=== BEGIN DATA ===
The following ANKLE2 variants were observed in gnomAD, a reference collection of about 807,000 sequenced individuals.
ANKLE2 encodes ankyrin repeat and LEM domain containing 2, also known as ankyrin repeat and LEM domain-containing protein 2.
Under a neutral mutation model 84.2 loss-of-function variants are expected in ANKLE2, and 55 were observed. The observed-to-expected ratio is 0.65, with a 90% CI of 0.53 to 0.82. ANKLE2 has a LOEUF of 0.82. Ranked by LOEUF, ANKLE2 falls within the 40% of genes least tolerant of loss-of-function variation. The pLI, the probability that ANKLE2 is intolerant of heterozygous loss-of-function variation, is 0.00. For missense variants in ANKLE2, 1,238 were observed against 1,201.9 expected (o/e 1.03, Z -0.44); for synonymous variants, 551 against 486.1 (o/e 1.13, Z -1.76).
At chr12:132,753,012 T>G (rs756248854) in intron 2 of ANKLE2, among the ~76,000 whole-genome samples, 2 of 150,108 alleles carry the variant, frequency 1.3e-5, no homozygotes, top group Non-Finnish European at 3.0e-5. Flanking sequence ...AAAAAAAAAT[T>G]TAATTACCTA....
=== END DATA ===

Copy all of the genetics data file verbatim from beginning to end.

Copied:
The following ANKLE2 variants were observed in gnomAD, a reference collection of about 807,000 sequenced individuals.
ANKLE2 encodes ankyrin repeat and LEM domain containing 2, also known as ankyrin repeat and LEM domain-containing protein 2.
Under a neutral mutation model 84.2 loss-of-function variants are expected in ANKLE2, and 55 were observed. The observed-to-expected ratio is 0.65, with a 90% CI of 0.53 to 0.82. ANKLE2 has a LOEUF of 0.82. Ranked by LOEUF, ANKLE2 falls within the 40% of genes least tolerant of loss-of-function variation. The pLI, the probability that ANKLE2 is intolerant of heterozygous loss-of-function variation, is 0.00. For missense variants in ANKLE2, 1,238 were observed against 1,201.9 expected (o/e 1.03, Z -0.44); for synonymous variants, 551 against 486.1 (o/e 1.13, Z -1.76).
At chr12:132,753,012 T>G (rs756248854) in intron 2 of ANKLE2, among the ~76,000 whole-genome samples, 2 of 150,108 alleles carry the variant, frequency 1.3e-5, no homozygotes, top group Non-Finnish European at 3.0e-5. Flanking sequence ...AAAAAAAAAT[T>G]TAATTACCTA....